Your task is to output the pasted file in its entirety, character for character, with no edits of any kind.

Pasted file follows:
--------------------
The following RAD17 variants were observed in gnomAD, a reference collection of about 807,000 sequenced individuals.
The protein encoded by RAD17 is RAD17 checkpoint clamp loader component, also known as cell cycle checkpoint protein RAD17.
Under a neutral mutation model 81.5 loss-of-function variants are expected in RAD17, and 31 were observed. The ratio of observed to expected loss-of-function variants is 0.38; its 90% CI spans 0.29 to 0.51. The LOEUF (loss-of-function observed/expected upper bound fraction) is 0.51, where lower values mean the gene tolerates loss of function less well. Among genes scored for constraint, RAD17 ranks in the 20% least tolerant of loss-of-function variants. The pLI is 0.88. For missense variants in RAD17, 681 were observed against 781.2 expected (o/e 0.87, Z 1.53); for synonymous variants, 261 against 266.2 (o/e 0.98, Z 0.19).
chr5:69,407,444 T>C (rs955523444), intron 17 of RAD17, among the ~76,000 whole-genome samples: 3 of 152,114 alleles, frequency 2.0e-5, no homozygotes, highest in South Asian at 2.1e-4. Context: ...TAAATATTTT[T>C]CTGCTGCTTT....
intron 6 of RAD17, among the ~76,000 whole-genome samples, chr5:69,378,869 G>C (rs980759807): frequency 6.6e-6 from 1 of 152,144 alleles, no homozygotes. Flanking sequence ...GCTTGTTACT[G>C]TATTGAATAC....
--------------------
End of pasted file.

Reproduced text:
The following RAD17 variants were observed in gnomAD, a reference collection of about 807,000 sequenced individuals.
The protein encoded by RAD17 is RAD17 checkpoint clamp loader component, also known as cell cycle checkpoint protein RAD17.
Under a neutral mutation model 81.5 loss-of-function variants are expected in RAD17, and 31 were observed. The ratio of observed to expected loss-of-function variants is 0.38; its 90% CI spans 0.29 to 0.51. The LOEUF (loss-of-function observed/expected upper bound fraction) is 0.51, where lower values mean the gene tolerates loss of function less well. Among genes scored for constraint, RAD17 ranks in the 20% least tolerant of loss-of-function variants. The pLI is 0.88. For missense variants in RAD17, 681 were observed against 781.2 expected (o/e 0.87, Z 1.53); for synonymous variants, 261 against 266.2 (o/e 0.98, Z 0.19).
chr5:69,407,444 T>C (rs955523444), intron 17 of RAD17, among the ~76,000 whole-genome samples: 3 of 152,114 alleles, frequency 2.0e-5, no homozygotes, highest in South Asian at 2.1e-4. Context: ...TAAATATTTT[T>C]CTGCTGCTTT....
intron 6 of RAD17, among the ~76,000 whole-genome samples, chr5:69,378,869 G>C (rs980759807): frequency 6.6e-6 from 1 of 152,144 alleles, no homozygotes. Flanking sequence ...GCTTGTTACT[G>C]TATTGAATAC....